Hawk migrations take place from early September through November each year. This past Wednesday the Nature Conservancy along with Caesers Head State Park were sponsoring a lunch and learn, followed by a hawk watch at the overlook. Being a loyal Nature Conservancy supporter, I decided to attend.
It was an absolutely beautiful day. It was also brisk – temperatures had dropped to their lowest levels yet. I put the roof back on the Subaru (or as far back as it would go on a sun roof as opposed to a convertible) and headed up the mountain.
I met several of the local Nature Conservancy staff, and we settled down for turkey sandwiches for lunch. As we ate local director Kristin Austin and donor coordinator Amanda Richardson described the mission of the Conservancy. Afterwards, Ranger Tim Lee talked about hawk migratory patterns.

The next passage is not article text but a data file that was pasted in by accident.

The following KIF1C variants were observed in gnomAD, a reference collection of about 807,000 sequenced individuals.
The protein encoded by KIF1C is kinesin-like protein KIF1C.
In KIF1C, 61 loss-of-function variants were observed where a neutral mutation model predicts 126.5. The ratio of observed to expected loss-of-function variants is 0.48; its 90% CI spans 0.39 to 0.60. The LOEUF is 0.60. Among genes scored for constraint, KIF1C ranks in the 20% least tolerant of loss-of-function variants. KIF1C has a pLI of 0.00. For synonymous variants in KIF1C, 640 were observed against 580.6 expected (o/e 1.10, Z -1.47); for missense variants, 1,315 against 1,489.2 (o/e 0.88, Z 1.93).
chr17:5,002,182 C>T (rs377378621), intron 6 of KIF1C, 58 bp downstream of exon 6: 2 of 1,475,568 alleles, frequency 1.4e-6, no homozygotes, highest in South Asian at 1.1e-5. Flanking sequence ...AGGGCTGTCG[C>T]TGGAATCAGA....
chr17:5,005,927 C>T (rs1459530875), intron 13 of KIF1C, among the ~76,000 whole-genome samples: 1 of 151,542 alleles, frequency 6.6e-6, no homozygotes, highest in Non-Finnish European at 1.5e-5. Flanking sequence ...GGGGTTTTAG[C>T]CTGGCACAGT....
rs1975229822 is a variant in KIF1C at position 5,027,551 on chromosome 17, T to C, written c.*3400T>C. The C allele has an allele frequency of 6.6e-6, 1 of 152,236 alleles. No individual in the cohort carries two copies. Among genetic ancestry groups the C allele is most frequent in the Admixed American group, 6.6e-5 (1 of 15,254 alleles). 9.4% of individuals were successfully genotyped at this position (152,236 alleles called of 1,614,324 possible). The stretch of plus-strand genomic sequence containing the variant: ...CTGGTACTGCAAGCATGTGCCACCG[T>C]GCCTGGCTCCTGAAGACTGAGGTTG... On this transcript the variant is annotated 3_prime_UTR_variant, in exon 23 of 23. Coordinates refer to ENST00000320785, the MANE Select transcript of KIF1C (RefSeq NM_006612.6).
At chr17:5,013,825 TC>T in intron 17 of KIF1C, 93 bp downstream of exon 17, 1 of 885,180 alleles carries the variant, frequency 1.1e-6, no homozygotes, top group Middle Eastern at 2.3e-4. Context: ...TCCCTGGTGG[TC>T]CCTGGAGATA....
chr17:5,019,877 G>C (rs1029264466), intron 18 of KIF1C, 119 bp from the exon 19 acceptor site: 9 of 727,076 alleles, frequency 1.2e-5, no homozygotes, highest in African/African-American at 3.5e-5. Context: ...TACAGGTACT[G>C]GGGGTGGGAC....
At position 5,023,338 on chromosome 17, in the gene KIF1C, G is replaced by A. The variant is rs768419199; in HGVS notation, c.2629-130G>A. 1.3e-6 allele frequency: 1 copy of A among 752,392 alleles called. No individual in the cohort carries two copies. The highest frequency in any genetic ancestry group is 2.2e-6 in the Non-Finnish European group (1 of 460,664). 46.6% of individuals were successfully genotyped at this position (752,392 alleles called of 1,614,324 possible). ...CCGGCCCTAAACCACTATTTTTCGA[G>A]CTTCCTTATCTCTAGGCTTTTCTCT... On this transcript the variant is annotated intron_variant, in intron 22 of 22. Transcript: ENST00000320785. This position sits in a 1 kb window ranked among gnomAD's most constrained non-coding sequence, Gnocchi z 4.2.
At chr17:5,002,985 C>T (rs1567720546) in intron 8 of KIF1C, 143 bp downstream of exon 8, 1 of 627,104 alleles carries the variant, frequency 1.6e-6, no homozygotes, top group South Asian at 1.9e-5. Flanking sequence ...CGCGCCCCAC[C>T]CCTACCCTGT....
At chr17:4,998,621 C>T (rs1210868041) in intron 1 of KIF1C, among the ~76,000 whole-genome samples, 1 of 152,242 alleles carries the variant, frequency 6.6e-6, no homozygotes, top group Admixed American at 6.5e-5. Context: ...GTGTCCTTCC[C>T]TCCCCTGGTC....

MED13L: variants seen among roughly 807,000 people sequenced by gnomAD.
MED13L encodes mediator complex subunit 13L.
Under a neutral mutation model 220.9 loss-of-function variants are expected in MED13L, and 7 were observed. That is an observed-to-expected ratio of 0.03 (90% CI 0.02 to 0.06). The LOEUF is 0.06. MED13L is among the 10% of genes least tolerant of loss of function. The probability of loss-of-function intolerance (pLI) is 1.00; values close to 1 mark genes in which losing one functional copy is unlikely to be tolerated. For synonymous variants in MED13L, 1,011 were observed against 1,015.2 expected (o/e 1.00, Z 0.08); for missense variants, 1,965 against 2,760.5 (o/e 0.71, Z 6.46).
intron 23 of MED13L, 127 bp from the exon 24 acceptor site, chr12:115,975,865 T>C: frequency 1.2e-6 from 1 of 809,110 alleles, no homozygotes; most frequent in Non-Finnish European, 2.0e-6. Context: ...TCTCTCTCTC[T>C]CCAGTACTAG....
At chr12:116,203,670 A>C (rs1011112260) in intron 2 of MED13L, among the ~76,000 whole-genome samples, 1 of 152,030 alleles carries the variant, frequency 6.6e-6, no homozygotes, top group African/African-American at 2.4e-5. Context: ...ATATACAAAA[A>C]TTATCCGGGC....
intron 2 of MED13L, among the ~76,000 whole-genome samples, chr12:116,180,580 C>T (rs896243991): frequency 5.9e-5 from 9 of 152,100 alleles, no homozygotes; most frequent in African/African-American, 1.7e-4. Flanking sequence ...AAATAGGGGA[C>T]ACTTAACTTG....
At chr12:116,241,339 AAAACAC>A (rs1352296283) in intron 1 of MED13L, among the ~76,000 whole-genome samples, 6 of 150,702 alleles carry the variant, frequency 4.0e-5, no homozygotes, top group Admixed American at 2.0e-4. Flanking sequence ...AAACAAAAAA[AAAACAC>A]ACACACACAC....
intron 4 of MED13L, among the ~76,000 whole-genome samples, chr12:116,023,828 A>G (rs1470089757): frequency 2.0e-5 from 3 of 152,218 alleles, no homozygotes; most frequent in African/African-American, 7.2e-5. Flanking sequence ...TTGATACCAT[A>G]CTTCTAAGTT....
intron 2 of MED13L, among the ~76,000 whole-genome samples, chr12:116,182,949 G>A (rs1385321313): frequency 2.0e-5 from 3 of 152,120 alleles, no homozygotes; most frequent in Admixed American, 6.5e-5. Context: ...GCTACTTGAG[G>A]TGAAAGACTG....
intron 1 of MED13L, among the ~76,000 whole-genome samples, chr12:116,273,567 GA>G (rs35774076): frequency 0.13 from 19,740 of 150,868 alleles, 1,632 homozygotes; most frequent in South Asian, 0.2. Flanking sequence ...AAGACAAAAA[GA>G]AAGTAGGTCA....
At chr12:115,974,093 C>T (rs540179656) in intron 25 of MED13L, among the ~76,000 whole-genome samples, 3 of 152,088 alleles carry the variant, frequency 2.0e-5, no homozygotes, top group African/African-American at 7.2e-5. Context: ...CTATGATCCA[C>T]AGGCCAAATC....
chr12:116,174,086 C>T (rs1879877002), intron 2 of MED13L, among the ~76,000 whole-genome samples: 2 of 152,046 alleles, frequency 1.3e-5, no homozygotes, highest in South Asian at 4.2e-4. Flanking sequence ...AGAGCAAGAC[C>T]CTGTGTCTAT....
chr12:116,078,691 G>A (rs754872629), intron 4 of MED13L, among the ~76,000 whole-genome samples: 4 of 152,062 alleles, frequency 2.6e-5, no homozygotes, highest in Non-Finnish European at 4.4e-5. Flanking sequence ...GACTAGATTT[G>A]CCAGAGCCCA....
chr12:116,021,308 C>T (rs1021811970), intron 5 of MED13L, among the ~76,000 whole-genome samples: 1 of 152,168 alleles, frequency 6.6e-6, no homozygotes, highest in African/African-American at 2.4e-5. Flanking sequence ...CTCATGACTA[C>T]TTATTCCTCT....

After lunch we headed out to the overlook. I was armed to the teeth – 500mm lens with my D7000, my little Panasonic Lumix for local and landscape shots, and just for good measure I set up the GoPro for a time lapse of the entire proceedings. We were joined be several bird watchers who were involved in an official count.
Ranger Tim provided more information about the hawks, including flight patterns and ways to identify the birds in flight. We watched and waited, but the hawks themselves were elusive. Only one lone vulture flew past.
We did see one bird, though. Tim had brought a stuffed red-tailed so that we could see one up close.
Of course, the scenery from this point is always spectacular. Even if we didn’t see any hawks I enjoyed hanging out in a location with a view such as this:
I stayed until about 2:00. The hard core bird watchers kept at it, but I headed on back. I was able to get 1151 images from the GoPro, which gave me about 30 seconds worth of time lapse video.
Birds or no, it was very enjoyable, and I’m glad I was able to participate.